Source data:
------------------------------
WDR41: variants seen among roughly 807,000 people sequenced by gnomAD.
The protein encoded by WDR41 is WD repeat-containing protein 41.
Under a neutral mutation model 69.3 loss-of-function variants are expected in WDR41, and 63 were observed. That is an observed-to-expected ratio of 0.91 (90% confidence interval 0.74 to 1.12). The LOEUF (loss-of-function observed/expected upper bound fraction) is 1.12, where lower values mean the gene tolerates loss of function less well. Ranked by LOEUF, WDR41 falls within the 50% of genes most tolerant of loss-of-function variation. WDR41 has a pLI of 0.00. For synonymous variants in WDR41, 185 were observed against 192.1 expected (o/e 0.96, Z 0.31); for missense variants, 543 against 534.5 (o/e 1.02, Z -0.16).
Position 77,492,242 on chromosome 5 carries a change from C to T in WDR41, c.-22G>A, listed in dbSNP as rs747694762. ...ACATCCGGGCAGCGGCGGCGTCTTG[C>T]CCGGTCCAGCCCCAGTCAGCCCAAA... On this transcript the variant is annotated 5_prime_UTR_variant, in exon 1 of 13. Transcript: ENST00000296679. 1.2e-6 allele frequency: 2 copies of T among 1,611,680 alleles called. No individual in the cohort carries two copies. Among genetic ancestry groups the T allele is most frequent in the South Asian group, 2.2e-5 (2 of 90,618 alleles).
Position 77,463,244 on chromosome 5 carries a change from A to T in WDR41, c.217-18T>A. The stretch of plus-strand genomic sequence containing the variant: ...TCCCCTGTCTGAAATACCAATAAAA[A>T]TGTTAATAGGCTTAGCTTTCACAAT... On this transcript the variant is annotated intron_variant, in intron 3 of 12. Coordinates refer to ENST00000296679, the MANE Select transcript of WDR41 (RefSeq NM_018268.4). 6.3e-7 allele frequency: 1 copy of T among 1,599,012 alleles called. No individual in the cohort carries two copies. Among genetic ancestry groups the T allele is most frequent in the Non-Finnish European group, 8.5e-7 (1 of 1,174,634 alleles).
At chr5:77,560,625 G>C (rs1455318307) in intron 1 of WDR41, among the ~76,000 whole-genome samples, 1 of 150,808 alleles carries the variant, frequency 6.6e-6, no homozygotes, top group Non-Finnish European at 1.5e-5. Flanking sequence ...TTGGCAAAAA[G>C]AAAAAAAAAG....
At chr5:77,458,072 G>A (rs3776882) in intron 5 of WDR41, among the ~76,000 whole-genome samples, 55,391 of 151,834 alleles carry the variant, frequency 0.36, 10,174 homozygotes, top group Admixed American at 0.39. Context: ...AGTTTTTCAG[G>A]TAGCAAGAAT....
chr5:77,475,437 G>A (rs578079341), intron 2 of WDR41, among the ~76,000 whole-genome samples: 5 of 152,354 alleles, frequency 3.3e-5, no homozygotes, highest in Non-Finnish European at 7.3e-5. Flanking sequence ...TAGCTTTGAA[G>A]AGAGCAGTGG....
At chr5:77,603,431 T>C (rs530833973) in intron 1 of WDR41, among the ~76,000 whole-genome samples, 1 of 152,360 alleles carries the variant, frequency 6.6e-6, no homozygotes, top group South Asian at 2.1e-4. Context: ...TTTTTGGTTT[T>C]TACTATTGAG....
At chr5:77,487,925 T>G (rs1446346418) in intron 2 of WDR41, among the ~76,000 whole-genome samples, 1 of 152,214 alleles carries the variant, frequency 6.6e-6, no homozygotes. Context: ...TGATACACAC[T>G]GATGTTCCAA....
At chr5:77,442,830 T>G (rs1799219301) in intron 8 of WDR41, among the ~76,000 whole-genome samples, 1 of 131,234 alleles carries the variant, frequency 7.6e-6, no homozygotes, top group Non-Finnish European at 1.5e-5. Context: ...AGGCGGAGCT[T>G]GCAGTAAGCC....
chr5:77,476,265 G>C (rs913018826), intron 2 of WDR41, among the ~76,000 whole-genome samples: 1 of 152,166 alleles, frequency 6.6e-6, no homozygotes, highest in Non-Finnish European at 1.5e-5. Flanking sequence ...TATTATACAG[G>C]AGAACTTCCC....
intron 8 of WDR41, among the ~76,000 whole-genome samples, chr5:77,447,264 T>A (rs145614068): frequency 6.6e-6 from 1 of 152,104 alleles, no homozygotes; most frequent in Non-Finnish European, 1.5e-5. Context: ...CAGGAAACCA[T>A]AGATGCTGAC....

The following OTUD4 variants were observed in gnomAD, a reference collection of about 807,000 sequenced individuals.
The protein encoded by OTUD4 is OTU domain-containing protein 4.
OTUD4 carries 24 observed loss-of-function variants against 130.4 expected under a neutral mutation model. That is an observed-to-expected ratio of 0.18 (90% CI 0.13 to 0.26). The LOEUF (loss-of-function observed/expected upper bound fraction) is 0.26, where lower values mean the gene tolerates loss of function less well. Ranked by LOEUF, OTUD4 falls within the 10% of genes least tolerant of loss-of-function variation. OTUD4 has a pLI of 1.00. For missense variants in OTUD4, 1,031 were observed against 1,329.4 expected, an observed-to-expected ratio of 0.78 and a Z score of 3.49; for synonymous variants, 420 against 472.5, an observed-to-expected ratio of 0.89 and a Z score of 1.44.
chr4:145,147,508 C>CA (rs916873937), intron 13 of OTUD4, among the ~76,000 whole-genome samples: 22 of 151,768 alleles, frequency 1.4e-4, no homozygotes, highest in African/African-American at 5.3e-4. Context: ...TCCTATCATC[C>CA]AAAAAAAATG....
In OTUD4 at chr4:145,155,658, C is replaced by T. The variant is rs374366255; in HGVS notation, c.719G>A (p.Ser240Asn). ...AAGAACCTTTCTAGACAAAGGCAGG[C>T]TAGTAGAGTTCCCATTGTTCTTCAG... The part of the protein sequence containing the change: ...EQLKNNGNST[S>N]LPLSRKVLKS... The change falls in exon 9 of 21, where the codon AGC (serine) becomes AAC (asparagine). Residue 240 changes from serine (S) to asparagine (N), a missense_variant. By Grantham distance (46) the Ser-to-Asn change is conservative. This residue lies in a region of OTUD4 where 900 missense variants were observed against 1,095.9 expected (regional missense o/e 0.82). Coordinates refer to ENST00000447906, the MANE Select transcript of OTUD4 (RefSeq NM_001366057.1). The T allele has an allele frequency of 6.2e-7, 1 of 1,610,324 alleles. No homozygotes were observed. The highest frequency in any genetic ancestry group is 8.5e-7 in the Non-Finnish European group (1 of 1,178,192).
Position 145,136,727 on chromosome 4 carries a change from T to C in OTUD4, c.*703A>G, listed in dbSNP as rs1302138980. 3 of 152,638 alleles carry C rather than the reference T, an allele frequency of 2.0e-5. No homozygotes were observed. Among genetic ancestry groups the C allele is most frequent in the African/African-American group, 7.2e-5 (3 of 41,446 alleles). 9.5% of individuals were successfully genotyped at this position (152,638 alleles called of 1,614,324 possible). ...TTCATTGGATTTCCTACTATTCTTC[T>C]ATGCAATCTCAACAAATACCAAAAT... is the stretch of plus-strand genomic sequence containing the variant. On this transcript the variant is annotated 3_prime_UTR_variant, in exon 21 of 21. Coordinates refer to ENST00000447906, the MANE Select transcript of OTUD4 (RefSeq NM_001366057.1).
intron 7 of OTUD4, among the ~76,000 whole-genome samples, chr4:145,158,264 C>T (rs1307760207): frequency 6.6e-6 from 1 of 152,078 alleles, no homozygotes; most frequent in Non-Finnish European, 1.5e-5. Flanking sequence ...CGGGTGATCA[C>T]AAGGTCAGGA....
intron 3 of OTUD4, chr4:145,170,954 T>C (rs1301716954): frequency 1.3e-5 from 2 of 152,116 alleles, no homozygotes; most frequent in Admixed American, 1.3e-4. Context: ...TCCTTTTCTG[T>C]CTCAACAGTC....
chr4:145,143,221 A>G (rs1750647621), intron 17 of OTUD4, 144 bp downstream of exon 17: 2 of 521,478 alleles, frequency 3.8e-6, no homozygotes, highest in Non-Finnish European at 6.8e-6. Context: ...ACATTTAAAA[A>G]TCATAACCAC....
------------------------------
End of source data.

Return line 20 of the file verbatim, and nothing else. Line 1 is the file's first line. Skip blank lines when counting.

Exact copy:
intron 7 of OTUD4, among the ~76,000 whole-genome samples, chr4:145,158,264 C>T (rs1307760207): frequency 6.6e-6 from 1 of 152,078 alleles, no homozygotes; most frequent in Non-Finnish European, 1.5e-5. Flanking sequence ...CGGGTGATCA[C>T]AAGGTCAGGA....